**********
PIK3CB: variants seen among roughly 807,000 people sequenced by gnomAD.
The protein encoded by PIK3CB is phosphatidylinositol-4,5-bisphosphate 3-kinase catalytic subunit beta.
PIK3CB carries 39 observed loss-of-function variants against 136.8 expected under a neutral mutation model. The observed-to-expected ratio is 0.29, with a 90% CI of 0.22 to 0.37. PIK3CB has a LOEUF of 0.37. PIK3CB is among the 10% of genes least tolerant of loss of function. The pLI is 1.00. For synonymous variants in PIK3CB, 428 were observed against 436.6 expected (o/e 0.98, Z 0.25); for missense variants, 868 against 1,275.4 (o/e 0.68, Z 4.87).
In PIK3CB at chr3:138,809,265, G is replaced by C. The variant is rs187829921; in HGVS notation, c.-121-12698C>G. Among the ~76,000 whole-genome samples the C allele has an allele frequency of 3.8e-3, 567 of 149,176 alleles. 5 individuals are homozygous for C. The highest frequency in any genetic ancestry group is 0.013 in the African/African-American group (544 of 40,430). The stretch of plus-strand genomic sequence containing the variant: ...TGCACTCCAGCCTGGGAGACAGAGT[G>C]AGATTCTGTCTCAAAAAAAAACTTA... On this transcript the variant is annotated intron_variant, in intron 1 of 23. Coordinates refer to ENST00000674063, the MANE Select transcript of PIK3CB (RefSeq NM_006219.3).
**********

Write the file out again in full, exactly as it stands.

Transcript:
PIK3CB: variants seen among roughly 807,000 people sequenced by gnomAD.
The protein encoded by PIK3CB is phosphatidylinositol-4,5-bisphosphate 3-kinase catalytic subunit beta.
PIK3CB carries 39 observed loss-of-function variants against 136.8 expected under a neutral mutation model. The observed-to-expected ratio is 0.29, with a 90% CI of 0.22 to 0.37. PIK3CB has a LOEUF of 0.37. PIK3CB is among the 10% of genes least tolerant of loss of function. The pLI is 1.00. For synonymous variants in PIK3CB, 428 were observed against 436.6 expected (o/e 0.98, Z 0.25); for missense variants, 868 against 1,275.4 (o/e 0.68, Z 4.87).
In PIK3CB at chr3:138,809,265, G is replaced by C. The variant is rs187829921; in HGVS notation, c.-121-12698C>G. Among the ~76,000 whole-genome samples the C allele has an allele frequency of 3.8e-3, 567 of 149,176 alleles. 5 individuals are homozygous for C. The highest frequency in any genetic ancestry group is 0.013 in the African/African-American group (544 of 40,430). The stretch of plus-strand genomic sequence containing the variant: ...TGCACTCCAGCCTGGGAGACAGAGT[G>C]AGATTCTGTCTCAAAAAAAAACTTA... On this transcript the variant is annotated intron_variant, in intron 1 of 23. Coordinates refer to ENST00000674063, the MANE Select transcript of PIK3CB (RefSeq NM_006219.3).